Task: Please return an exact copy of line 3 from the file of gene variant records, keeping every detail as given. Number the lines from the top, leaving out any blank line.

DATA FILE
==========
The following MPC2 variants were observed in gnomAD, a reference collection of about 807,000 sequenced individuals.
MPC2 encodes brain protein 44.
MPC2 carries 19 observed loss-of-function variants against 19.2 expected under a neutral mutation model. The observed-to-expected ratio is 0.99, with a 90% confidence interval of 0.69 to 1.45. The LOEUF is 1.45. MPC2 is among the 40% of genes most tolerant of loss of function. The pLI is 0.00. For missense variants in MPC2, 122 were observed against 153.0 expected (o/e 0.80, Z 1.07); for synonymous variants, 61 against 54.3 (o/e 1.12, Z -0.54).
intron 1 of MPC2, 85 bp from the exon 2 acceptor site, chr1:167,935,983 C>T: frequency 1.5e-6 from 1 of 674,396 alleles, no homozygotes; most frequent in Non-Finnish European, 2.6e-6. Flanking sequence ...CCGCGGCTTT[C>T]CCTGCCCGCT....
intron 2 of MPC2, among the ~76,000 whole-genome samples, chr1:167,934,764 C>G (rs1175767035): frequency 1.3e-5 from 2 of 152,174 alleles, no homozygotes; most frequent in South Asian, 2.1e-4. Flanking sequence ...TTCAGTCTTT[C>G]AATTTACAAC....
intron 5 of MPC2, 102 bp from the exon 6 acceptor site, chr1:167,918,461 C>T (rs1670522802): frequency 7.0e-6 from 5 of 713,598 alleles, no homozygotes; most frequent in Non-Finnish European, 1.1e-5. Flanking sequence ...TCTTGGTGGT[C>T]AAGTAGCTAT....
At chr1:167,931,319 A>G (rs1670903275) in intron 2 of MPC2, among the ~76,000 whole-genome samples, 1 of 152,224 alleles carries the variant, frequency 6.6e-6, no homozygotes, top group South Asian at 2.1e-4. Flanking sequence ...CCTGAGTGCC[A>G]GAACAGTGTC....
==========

MPC2 carries 19 observed loss-of-function variants against 19.2 expected under a neutral mutation model. The observed-to-expected ratio is 0.99, with a 90% confidence interval of 0.69 to 1.45. The LOEUF is 1.45. MPC2 is among the 40% of genes most tolerant of loss of function. The pLI is 0.00. For missense variants in MPC2, 122 were observed against 153.0 expected (o/e 0.80, Z 1.07); for synonymous variants, 61 against 54.3 (o/e 1.12, Z -0.54).